Jewish World Review Jan. 22, 2004 / 28 Teves 5764

Paul Greenberg

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The campaign to date | Want a preview of the Republican presidential campaign come fall? Just listen to what all the prospective Democratic nominees have been saying about each other.

Have you ever heard tell of such a motley crew of hypocrites, losers and scoundrels in general? Who's writing these candidates' sound bites - Karl Rove?

But never fear. Once the Dems stop attacking each other and settle on a single presidential candidate, the greatest conversion you've ever seen outside a tent meeting will take place right on schedule, and all these squabbling contenders will unite behind the winner, and discover that he's the saintliest figure since . . . the party's last presidential nominee.

It's called a two-party system. The whole spectrum of opinion is eventually condensed into two opposing camps, usually filtering out the strangest candidates in the course of uniting behind the strongest one with the broadest appeal.

The process doesn't always work that way - see Barry Goldwater in 1964 and George McGovern eight years later - but it usually does. It'll be interesting to see if Howard Dean is able to defy the conventional pattern, or whether he turns conventional himself. Funny things happen on the way to a national convention. Like not turning out to be the nominee.

So do expected things. Carol Moseley Braun has already dropped out of the Democratic race in favor of Howard Dean, having never really dropped in, to judge by her standings in the polls.

Her departure confirms suspicions that she was never really running for president but for a Cabinet post in a Dean administration. Dennis Kucinich should follow shortly, perhaps in favor of everybody's friend John Edwards. Nothing would so become Mr. Kucinich's campaign at this point as his ending it.

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A wide-open presidential race is an invitation to every has-been, also-ran, never-was and wannabe in the party to angle for preferment by running for president, but only nominally. Or just to reap a ton of publicity. See Al Sharpton, race hustler extraordinaire. He makes Jesse Jackson look like yesterday's act.

Much the same, familiar process would be under way in Republican ranks if the GOP were the party out of power and riven by a wide-open contest for the presidential nomination.

That's how a two-party system works and, whatever its shortcomings, it beats the kind of personality cults, multi-faction politics and general confusion that reigns in other, more exotic venues - like France, Louisiana and California recalls.

Illogical, undemocratic and occasionally erratic as the Electoral College is, it makes sense. And it makes for stability. At least if we can get a straight count out of Florida this time. Not to mention curious redoubts like South Texas and Cook County, Illinois.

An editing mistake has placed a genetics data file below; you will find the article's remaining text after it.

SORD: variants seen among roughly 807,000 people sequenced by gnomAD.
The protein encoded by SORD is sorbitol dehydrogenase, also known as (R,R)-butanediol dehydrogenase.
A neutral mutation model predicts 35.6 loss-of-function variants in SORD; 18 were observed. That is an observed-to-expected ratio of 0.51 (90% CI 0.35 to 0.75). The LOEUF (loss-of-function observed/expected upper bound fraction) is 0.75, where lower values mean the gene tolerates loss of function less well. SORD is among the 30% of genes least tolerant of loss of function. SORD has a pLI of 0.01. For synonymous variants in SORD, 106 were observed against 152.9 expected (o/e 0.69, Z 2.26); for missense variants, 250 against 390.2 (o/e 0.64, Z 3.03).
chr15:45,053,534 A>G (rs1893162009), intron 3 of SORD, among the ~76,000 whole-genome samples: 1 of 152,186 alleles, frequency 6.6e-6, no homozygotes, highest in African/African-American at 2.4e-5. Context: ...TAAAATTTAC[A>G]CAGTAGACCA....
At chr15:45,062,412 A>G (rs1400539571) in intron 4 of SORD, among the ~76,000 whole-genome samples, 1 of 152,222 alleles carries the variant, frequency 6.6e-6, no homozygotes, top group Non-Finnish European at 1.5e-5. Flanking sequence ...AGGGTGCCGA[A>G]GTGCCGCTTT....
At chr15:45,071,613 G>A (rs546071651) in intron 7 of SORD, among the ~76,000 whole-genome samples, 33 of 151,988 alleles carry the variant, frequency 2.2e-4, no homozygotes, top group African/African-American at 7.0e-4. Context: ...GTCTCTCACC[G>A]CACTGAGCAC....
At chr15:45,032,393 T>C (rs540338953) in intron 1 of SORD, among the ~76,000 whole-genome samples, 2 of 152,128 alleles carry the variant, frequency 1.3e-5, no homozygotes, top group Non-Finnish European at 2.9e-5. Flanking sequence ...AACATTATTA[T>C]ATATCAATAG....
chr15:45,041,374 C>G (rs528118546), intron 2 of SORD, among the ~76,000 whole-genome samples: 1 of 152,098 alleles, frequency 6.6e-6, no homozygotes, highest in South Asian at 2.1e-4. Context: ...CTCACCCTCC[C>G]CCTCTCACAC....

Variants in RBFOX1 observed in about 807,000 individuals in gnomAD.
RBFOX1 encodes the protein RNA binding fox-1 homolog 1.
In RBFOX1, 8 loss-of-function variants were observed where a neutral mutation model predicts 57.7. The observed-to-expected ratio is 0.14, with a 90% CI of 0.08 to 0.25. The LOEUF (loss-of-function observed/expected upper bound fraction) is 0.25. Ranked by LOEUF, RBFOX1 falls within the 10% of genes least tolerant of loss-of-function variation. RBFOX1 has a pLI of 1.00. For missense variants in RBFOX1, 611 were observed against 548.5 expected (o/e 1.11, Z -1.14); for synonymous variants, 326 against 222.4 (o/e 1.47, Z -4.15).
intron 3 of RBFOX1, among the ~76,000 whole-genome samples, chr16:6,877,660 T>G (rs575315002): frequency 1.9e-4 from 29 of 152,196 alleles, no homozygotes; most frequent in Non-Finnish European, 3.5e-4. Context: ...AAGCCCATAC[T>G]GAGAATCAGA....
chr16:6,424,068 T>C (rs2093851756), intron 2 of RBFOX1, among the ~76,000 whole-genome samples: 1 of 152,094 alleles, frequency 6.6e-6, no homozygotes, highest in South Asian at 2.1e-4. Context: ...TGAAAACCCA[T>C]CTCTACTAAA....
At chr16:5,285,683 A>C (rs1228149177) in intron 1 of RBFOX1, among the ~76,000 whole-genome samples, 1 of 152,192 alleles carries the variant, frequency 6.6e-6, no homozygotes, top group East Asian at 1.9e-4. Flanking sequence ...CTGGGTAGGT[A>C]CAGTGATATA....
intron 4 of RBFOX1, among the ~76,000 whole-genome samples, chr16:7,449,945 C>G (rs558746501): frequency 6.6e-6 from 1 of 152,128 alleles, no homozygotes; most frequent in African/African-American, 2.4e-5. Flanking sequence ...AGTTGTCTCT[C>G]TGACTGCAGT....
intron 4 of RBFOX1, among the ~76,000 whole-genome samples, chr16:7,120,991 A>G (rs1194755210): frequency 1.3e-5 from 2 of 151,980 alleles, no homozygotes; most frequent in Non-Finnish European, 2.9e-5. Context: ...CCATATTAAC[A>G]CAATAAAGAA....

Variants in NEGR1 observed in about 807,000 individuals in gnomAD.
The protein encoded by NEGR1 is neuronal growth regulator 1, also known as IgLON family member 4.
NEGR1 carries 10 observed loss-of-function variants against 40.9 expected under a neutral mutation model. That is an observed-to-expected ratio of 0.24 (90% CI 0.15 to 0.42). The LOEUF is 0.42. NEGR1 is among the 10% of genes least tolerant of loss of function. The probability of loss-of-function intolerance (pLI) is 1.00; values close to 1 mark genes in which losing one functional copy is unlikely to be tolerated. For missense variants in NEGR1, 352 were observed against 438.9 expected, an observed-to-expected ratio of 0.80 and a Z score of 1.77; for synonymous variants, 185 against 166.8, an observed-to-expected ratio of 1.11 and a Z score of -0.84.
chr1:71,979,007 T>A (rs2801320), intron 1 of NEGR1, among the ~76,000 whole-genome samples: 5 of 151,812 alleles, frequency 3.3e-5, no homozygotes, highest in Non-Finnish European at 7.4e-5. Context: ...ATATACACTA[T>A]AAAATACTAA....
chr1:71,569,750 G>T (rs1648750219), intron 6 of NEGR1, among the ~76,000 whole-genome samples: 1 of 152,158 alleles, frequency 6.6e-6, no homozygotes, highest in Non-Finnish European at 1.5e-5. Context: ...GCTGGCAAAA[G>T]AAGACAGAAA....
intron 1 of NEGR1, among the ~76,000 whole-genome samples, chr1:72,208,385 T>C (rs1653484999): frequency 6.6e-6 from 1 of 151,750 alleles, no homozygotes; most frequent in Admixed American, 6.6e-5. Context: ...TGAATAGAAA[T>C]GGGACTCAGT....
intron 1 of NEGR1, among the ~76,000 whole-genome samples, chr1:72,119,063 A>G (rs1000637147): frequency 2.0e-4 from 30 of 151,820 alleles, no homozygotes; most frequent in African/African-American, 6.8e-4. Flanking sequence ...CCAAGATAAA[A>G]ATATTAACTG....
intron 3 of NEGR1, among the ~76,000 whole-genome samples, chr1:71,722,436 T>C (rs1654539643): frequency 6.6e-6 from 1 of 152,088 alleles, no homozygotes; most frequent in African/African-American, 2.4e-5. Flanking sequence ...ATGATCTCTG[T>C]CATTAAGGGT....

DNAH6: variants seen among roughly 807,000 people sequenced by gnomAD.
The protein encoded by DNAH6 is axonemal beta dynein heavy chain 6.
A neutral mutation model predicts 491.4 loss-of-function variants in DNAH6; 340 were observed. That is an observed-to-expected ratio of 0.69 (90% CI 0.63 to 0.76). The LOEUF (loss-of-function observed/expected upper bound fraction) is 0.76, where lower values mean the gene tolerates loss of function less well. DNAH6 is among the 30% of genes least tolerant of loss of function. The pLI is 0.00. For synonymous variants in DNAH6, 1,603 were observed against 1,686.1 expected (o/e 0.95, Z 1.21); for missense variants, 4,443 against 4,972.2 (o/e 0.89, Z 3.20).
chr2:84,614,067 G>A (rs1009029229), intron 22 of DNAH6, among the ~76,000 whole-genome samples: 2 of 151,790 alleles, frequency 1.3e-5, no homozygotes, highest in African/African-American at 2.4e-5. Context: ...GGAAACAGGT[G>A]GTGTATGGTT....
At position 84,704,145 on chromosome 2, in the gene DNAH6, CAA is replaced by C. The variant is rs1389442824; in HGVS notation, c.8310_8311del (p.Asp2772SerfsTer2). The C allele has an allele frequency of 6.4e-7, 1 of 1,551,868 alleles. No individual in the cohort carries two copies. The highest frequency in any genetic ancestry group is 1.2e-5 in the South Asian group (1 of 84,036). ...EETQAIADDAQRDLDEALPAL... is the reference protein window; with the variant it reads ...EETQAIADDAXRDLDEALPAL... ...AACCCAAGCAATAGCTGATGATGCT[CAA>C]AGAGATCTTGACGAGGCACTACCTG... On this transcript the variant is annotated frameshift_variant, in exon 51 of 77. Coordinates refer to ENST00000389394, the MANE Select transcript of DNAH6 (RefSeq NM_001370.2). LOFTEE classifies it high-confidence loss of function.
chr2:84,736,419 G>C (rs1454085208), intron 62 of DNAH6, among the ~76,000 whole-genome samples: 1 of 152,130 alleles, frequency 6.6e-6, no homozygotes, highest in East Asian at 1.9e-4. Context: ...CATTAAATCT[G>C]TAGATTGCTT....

It's assuring to note that, even in these post-September 11th times, some things haven't changed. Some of the wilder charges against George W. Bush bring to mind what Republican isolationists were saying about FDR after December 7, 1941.

Just listen to Ted Kennedy and Wes Clark explain how this administration started cooking up this war in Iraq from the moment it took office. The way FDR planned Pearl Harbor, a still popular theory among certain zanies.

General/Candidate Clark is a kind of two-party system himself, having sounded like both a Republican and Democrat in a few short years. Nor is it always clear what he is now, at least according to Howard Dean, who's called the general the worst name in the Democratic book: Republican.

That's not quite fair. The general isn't a Republican or, for that matter, a Democrat so much as ambitious. Although his critics might use a different term: opportunist.

As if to make up for being soft on Saddam Hussein, General Clark is now going after an American ally, or at least ally of convenience: Pakistan's General Musharraf. (Is Wes Clark running for president or bull in the diplomatic china shop?)

Meanwhile, Howard Dean sounds like he's prepared to attack North Korea to balance his dovishness in Iraq. For these candidates, any regime may do as a target so long as it isn't the one this administration has just changed: Saddam Hussein's.

Why do I have this idea that, if Bush, Rumsfeld, Rice and Co. had decided to go after Pakistan or North Korea instead of the Taliban in Afghanistan and the Baath in Iraq, the Wesley Clarks and Howard Deans would be jumping up and down and warning that Iraq was the real danger?

It's called opposition for opposition's sake. It's the way the system works: The duty of an opposition is to oppose, isn't it?

It can all be fun to watch if you don't take it too seriously too early. Iowa was just the warm-up, and New Hampshire is only the overture. This motley orchestra is still testing its instruments, which may explain why the air is filled with off-key notes.

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JWR contributor Paul Greenberg, editorial page editor of the Arkansas Democrat-Gazette, has won the Pulitzer Prize for editorial writing. Send your comments by clicking here.

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